Smokingscot has his own blog, on which he periodically writes thoughtful essays. His latest starts with a telling observation:
I’ve often pondered what the real difference is between people who are unemployed and those who are “exiled” (to quote Ms Arnott of ASH). Semantics aside, there’s nothing in it. The unemployed may can’t spend money because they don’t have it, while the majority of smokers don’t spend money because they’ve got no place to spend it where they feel comfortable or get value for money. The effect on the economy is identical.
Isn’t that so true? What is the difference?
Recently I’ve been thinking I should spend more. I’ve got a full state pension these days, and I’m fairly flush with money. But what’s there to spend it on?
Smokingscot sets out all the little reductions in his own spending – pubs and cafes and restaurants no longer visited – consequent to the introduction of the smoking ban, and comes up with conservative estimate of a 2.2% reduction in GDP in the UK service sector:
The way I see it we most certainly have helped make the recession deeper and last longer than anything that’s gone before. We’ve wiped a minimum of just over 2.2% of GDP from the services sector and that will not change, of that I’m 100% certain. Yet it suits the economists and healthists to ignore that fact. The average Joe may have noticed a few pubs closing, one or two cafes change hands, or lying empty – and perhaps the odd bingo hall that’s shuttered. But he’d never believe that our not buying a few pints of beer, coffees, meals and sandwiches could be making such an impact.
That’s because they see us in the street puffing away and assume we do everything else exactly as we did before the ban. And why not? It’s a perfectly logical assumption. Average Joe thinks that, economists think that and politicians assume that as well. Fine, they don’t smoke, they see no reason whatsoever why we’ll do our level best to avoid paying their taxes on tobacco products, nor why we shun places where we feel uncomfortable lighting up and why, deep down, we simmer. Not in a negative way that’s destructive to us personally, no we simmer in a very healthy way, always seeking ways to defy the system. And for payback.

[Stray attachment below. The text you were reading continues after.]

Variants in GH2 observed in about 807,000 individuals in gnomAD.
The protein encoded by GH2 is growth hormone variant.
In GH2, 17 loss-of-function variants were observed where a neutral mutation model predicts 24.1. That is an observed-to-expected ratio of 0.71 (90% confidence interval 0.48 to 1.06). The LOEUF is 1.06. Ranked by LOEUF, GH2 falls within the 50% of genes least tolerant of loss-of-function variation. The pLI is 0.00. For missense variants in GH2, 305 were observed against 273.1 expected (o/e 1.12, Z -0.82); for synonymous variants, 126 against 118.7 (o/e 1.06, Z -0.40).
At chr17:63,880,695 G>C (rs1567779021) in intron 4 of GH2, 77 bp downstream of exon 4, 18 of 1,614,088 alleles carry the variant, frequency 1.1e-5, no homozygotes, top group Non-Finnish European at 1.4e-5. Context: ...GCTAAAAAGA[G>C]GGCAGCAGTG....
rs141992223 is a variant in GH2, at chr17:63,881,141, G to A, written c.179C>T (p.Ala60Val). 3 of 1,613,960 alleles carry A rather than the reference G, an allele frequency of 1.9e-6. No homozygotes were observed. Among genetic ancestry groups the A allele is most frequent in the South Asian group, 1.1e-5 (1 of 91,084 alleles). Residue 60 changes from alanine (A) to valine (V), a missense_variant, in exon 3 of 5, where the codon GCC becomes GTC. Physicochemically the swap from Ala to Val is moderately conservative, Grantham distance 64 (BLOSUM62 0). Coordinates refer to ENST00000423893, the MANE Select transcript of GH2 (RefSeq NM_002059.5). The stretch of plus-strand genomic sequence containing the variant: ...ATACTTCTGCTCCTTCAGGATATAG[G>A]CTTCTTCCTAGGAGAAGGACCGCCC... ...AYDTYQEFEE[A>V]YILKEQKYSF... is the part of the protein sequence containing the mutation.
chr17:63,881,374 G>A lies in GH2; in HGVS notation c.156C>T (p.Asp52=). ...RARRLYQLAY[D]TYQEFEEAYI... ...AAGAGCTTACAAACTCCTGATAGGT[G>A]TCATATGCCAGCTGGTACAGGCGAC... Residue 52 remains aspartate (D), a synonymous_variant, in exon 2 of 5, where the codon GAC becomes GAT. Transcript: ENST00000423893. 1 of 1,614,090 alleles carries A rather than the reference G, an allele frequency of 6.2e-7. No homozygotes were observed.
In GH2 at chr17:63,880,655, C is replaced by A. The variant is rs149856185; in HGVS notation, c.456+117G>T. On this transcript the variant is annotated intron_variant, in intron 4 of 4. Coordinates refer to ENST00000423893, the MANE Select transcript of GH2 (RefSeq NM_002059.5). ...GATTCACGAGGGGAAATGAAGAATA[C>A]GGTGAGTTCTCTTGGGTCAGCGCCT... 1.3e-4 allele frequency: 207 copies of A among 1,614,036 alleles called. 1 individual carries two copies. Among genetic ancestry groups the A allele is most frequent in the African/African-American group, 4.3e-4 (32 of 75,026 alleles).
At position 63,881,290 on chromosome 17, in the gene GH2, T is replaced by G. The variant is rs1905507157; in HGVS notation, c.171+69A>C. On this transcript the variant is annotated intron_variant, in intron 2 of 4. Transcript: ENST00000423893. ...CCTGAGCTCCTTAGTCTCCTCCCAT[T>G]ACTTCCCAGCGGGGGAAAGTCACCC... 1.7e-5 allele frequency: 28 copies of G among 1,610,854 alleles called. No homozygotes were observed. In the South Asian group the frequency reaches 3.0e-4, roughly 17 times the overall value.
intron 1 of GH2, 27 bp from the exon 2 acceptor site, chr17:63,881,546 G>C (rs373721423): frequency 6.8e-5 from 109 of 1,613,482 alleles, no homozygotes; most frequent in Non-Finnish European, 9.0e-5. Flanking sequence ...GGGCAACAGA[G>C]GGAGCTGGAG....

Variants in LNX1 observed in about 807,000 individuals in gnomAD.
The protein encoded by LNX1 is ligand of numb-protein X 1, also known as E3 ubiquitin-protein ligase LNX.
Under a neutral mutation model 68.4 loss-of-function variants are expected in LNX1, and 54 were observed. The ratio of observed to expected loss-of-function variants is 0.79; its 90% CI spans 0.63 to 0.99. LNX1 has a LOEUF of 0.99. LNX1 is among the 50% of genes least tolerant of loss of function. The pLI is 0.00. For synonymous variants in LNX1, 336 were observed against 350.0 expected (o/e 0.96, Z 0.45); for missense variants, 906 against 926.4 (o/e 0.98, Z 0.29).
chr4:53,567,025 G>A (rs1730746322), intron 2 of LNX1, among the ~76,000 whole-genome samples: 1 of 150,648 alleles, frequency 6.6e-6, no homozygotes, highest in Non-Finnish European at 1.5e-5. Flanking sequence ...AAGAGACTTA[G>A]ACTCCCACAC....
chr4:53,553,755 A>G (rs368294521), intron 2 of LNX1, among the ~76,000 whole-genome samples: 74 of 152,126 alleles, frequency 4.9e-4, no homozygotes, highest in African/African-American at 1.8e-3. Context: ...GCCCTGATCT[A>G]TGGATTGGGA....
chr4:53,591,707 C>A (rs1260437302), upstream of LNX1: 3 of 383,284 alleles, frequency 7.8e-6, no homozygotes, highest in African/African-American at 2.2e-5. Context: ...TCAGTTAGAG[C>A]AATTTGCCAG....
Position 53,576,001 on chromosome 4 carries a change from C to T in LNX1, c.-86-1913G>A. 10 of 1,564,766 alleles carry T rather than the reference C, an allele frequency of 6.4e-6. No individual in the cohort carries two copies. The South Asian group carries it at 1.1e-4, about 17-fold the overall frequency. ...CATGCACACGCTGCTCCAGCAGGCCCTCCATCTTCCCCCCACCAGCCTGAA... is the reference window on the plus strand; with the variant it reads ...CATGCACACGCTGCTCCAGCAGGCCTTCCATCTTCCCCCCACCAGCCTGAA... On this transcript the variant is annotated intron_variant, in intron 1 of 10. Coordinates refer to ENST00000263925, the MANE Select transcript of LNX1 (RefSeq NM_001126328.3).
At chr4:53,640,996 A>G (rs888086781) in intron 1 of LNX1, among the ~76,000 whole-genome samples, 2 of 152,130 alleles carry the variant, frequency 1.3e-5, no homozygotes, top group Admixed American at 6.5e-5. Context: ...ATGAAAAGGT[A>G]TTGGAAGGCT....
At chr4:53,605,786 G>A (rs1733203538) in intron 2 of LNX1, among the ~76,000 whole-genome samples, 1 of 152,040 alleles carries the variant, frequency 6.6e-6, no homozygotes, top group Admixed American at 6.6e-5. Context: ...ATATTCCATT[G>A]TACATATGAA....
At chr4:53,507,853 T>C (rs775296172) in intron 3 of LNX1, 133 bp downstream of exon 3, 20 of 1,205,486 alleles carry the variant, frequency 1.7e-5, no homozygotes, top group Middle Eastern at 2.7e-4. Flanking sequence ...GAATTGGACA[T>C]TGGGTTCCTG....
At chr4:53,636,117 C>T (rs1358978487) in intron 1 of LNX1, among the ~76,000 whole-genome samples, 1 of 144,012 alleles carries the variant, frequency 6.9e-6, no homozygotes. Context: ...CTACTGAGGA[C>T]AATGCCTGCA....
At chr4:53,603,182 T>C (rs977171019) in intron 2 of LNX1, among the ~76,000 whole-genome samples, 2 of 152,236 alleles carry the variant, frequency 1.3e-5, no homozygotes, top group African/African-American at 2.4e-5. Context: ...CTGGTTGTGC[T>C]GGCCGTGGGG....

Reading this essay was like looking in a mirror. But I felt that there was a lot more that could be said.
Another effect of the smoking ban was that I stopped visiting doctors. I never really had any reason to visit them except to get sleeping tablets. But with the smoking ban, which has been driven by mad doctors in the high ranks of the medical profession, I started seeing the entire medical profession as enemies. This is almost certainly unfair, because I don’t doubt for a moment that many doctors aren’t virulent antismokers. But it remains the case that their profession has been co-opted by a bunch of elite antismokers. And so it’s been 10 years since I last saw a doctor, and 10 years since I bought a prescription, and 10 years since I last had a health check-up. Assuming that they’d roll their eyes and put me on about ten different expensive medications if I ever fetched up in front of them, I’ve completely vacated the pharma drug market. I’ve become a non-customer. And of course I never bought any NRT products either.
And also I stopped watching TV. And so stopped buying TV sets, and stopped paying for a TV licence. I’ve become a non-customer of the BBC and the TV retail business.